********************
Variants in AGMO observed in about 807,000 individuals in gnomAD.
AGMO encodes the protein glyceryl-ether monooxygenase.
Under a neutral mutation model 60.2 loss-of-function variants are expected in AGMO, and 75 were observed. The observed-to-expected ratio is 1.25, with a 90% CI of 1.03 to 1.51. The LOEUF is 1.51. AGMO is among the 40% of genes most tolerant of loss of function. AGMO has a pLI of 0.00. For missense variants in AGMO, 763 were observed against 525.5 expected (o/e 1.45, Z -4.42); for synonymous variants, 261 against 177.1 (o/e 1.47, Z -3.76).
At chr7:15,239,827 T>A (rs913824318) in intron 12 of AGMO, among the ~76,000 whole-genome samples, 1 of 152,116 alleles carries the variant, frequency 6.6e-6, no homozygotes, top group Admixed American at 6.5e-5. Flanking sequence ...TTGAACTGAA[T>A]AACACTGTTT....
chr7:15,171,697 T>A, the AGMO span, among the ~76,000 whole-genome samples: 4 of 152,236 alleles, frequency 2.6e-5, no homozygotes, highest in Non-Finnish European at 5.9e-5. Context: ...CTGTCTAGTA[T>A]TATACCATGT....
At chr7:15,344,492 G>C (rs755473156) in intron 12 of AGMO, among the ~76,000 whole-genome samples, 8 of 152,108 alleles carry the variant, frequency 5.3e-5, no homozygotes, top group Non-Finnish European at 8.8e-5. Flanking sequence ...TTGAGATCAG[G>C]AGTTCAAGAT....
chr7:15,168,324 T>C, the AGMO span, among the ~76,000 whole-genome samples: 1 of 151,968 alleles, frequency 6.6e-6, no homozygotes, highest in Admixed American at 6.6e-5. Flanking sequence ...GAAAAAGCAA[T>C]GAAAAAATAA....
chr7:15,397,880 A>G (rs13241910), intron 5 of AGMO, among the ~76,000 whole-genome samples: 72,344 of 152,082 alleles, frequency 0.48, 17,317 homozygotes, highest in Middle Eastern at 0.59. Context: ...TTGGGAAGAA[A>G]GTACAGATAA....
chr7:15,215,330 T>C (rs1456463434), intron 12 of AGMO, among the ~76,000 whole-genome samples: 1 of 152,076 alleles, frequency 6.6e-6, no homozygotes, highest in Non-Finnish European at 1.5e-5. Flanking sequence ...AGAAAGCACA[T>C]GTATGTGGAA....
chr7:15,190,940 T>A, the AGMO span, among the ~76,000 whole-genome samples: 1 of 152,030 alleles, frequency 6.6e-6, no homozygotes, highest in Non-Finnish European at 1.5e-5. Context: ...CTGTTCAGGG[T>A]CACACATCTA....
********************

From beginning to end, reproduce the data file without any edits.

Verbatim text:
Variants in AGMO observed in about 807,000 individuals in gnomAD.
AGMO encodes the protein glyceryl-ether monooxygenase.
Under a neutral mutation model 60.2 loss-of-function variants are expected in AGMO, and 75 were observed. The observed-to-expected ratio is 1.25, with a 90% CI of 1.03 to 1.51. The LOEUF is 1.51. AGMO is among the 40% of genes most tolerant of loss of function. AGMO has a pLI of 0.00. For missense variants in AGMO, 763 were observed against 525.5 expected (o/e 1.45, Z -4.42); for synonymous variants, 261 against 177.1 (o/e 1.47, Z -3.76).
At chr7:15,239,827 T>A (rs913824318) in intron 12 of AGMO, among the ~76,000 whole-genome samples, 1 of 152,116 alleles carries the variant, frequency 6.6e-6, no homozygotes, top group Admixed American at 6.5e-5. Flanking sequence ...TTGAACTGAA[T>A]AACACTGTTT....
chr7:15,171,697 T>A, the AGMO span, among the ~76,000 whole-genome samples: 4 of 152,236 alleles, frequency 2.6e-5, no homozygotes, highest in Non-Finnish European at 5.9e-5. Context: ...CTGTCTAGTA[T>A]TATACCATGT....
At chr7:15,344,492 G>C (rs755473156) in intron 12 of AGMO, among the ~76,000 whole-genome samples, 8 of 152,108 alleles carry the variant, frequency 5.3e-5, no homozygotes, top group Non-Finnish European at 8.8e-5. Flanking sequence ...TTGAGATCAG[G>C]AGTTCAAGAT....
chr7:15,168,324 T>C, the AGMO span, among the ~76,000 whole-genome samples: 1 of 151,968 alleles, frequency 6.6e-6, no homozygotes, highest in Admixed American at 6.6e-5. Flanking sequence ...GAAAAAGCAA[T>C]GAAAAAATAA....
chr7:15,397,880 A>G (rs13241910), intron 5 of AGMO, among the ~76,000 whole-genome samples: 72,344 of 152,082 alleles, frequency 0.48, 17,317 homozygotes, highest in Middle Eastern at 0.59. Context: ...TTGGGAAGAA[A>G]GTACAGATAA....
chr7:15,215,330 T>C (rs1456463434), intron 12 of AGMO, among the ~76,000 whole-genome samples: 1 of 152,076 alleles, frequency 6.6e-6, no homozygotes, highest in Non-Finnish European at 1.5e-5. Flanking sequence ...AGAAAGCACA[T>C]GTATGTGGAA....
chr7:15,190,940 T>A, the AGMO span, among the ~76,000 whole-genome samples: 1 of 152,030 alleles, frequency 6.6e-6, no homozygotes, highest in Non-Finnish European at 1.5e-5. Context: ...CTGTTCAGGG[T>A]CACACATCTA....